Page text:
The median age of the 577 asymptomatic females was 22 years (range, 17–25 years), and chlamydial TMA was positive in 68 (11.8%); the SUNY site had a higher C. trachomatis prevalence (55 of 389 [14%]) than the UCSF site (13 of 188 [7%]). Bacterial vaginosis was present in 94 (16.3%), trichomoniasis in 23 (4.0%), and vaginal candidiasis in 40 (6.9%) of the 577 females evaluated. Vaginal discharge (5.9%) was the most common pelvic examination finding followed by cervical ectopy, mucopurulent endocervical discharge, easily induced endocervical bleeding, cervical motion tenderness, and adnexal tenderness (all <5%) (Table 1). MPC signs of mucopurulent endocervical discharge and/or easily induced endocervical bleeding were present in 25 (4.3%) of women and differed by clinical site with 8 (2%) of SUNY patients versus 17 (9%) of UCSF patients having MPC.

Table 1
Table 1
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Relationship of Pelvic Examination Findings With Chlamydial Transcription-Mediated Amplification Results

In univariate analyses, a positive chlamydial TMA result was associated with pelvic examination findings of vaginal discharge (11.8% vs. 5.1%; P = 0.048), mucopurulent endocervical discharge (7.4% vs. 1.6%; P = 0.012), and easily induced endocervical bleeding (7.4% vs. 1.6%; P = 0.012), but not cervical ectopy, cervical motion tenderness, or adnexal tenderness (Table 1). Mucopurulent endocervical discharge and/or easily induced endocervical bleeding was more significantly associated with a positive chlamydial TMA (13.2% vs. 3.1%; P = 0.001). After controlling for bacterial vaginosis, trichomoniasis, and candidiasis, a positive chlamydial TMA remains associated with mucopurulent endocervical discharge (AOR = 4.4; 95% CI = 1.3–14.3; P = 0.015), easily induced endocervical bleeding (AOR = 4.7; 95% CI = 1.5–15.4.; P = 0.010), and mucopurulent endocervical discharge and/or easily induced endocervical bleeding (AOR = 4.2; 95% CI = 1.7–10.2; P = 0.002), but not vaginal discharge (P >0.1).

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Pelvic Examination Findings in Chlamydial Transcription-Mediated Amplification-Positive Females Stratified by Culture Results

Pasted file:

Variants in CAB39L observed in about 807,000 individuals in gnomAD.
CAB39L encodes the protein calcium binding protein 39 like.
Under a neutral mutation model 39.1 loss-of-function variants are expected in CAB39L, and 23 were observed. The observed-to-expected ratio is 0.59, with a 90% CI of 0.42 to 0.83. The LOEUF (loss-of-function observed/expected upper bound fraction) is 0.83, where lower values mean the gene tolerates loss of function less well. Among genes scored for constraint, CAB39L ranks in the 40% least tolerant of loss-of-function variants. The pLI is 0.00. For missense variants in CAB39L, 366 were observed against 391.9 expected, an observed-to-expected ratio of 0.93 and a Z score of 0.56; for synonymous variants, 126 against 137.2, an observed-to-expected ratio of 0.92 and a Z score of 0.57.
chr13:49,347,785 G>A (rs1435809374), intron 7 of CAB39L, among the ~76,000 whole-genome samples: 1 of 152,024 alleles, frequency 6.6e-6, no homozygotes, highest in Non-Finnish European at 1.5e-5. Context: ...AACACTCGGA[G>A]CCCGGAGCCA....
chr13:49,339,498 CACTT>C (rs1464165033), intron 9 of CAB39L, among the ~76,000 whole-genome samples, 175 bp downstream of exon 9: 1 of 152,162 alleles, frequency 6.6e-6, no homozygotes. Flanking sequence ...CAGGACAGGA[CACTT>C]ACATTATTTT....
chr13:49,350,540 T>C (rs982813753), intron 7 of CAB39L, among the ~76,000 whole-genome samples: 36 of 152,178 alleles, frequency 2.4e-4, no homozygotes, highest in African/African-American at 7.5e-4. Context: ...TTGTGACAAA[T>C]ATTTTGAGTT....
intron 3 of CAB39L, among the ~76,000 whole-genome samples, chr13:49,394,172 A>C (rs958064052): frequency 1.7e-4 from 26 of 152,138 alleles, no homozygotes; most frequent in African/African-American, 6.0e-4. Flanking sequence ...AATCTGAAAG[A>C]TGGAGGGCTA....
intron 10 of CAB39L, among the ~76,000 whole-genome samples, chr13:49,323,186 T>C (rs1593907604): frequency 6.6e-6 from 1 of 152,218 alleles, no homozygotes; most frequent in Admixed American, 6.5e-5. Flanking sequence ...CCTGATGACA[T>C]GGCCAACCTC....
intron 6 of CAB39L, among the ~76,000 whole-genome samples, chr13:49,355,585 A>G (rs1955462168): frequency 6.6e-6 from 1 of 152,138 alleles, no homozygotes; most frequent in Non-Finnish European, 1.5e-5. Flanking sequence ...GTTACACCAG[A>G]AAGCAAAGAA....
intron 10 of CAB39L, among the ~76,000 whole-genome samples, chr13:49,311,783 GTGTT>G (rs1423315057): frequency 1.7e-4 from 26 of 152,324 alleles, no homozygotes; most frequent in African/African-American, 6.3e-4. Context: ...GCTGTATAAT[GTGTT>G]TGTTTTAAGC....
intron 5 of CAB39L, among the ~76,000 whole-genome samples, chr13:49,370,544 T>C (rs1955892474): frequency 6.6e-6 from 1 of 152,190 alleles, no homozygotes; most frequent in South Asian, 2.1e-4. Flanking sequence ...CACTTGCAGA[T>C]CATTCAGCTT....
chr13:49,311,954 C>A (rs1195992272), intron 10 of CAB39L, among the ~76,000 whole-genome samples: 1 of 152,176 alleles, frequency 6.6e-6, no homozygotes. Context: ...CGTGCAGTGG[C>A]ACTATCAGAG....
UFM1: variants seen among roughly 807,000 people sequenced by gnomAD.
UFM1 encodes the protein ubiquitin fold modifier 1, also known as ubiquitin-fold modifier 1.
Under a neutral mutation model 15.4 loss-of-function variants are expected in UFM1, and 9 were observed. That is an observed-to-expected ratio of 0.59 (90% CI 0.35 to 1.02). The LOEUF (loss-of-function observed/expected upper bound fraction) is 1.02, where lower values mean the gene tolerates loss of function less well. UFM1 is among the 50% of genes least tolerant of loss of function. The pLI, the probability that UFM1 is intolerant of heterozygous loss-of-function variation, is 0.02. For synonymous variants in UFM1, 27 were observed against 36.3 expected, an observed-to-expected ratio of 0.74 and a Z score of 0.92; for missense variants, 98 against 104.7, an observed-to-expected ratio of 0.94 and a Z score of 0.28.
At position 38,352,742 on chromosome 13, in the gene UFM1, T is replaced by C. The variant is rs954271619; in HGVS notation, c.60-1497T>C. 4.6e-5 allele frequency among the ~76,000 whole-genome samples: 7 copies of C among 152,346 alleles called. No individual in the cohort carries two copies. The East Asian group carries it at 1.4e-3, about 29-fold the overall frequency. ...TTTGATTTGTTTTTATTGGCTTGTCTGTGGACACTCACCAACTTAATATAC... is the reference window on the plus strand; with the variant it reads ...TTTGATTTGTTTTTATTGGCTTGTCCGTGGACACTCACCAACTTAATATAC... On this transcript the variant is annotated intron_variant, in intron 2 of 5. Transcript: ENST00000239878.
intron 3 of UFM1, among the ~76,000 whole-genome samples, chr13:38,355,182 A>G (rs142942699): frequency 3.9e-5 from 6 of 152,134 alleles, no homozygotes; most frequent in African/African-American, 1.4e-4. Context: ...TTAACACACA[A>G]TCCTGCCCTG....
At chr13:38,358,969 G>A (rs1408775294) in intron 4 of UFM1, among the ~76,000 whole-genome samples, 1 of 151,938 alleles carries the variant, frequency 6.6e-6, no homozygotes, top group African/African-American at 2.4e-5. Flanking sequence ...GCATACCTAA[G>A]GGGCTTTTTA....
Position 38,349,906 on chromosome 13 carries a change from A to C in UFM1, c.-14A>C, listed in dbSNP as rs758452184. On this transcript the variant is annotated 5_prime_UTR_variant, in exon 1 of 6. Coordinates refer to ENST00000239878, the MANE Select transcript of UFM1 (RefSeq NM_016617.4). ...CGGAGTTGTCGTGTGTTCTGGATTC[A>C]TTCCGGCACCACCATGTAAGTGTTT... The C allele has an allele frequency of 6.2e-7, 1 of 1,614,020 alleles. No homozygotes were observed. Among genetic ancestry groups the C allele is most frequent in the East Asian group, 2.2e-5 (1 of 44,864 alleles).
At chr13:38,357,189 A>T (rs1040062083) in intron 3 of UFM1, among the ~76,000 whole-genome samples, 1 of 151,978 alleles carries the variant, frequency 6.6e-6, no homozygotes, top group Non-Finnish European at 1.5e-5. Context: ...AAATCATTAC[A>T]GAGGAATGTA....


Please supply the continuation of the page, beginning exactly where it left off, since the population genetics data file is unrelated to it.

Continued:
Of the 68 chlamydial TMA-positive patients, 61 (89.7%) had a positive endocervical chlamydial culture. Although not a significant difference because of the small number of culture-negative subjects (N = 7), pelvic examination findings were absent in all 7 culture-negative subjects, whereas in culture-positive subjects, mucopurulent endocervical discharge and/or easily induced endocervical bleeding (14.8%; each 8.2% individually) and vaginal discharge (13.1%) occurred in approximately one per 7 patients (Table 2).

Table 2
Table 2
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Discussion

Abnormal pelvic examination findings were infrequent (<6%) in asymptomatic young women undergoing chlamydial screening by a chlamydial NAAT. However, the MPC signs mucopurulent endocervical discharge and/or easily induced bleeding, when present, predicted chlamydial infection, which is consistent with many other reported studies.2–7 In the 68 women with chlamydial infection, these MPC signs were present in 13%, which is much lower than reported in prior studies using chlamydial testing other than NAATs.7,8 A plausible explanation for this finding is that NAATs are more likely than non-NAAT (e.g., culture or DNA probe) to detect chlamydial infections with a small number of chlamydial organisms (i.e., inclusion forming units [IFU]) and because the quantity of chlamydial IFU correlate directly with MPC signs,11 NAAT will detect more chlamydial infections without MPC signs. This is further supported by our finding that MPC signs were only present in chlamydia-infected subjects who were chlamydia culture-positive but not chlamydia culture-negative, because the latter group likely had infections with a low number of chlamydial IFU; however, only a small proportion (7 of 68 [10%]) of chlamydia-infected women were culture-negative in this study, limiting confidence in this conclusion.

Our study findings have important implications in chlamydial screening practices.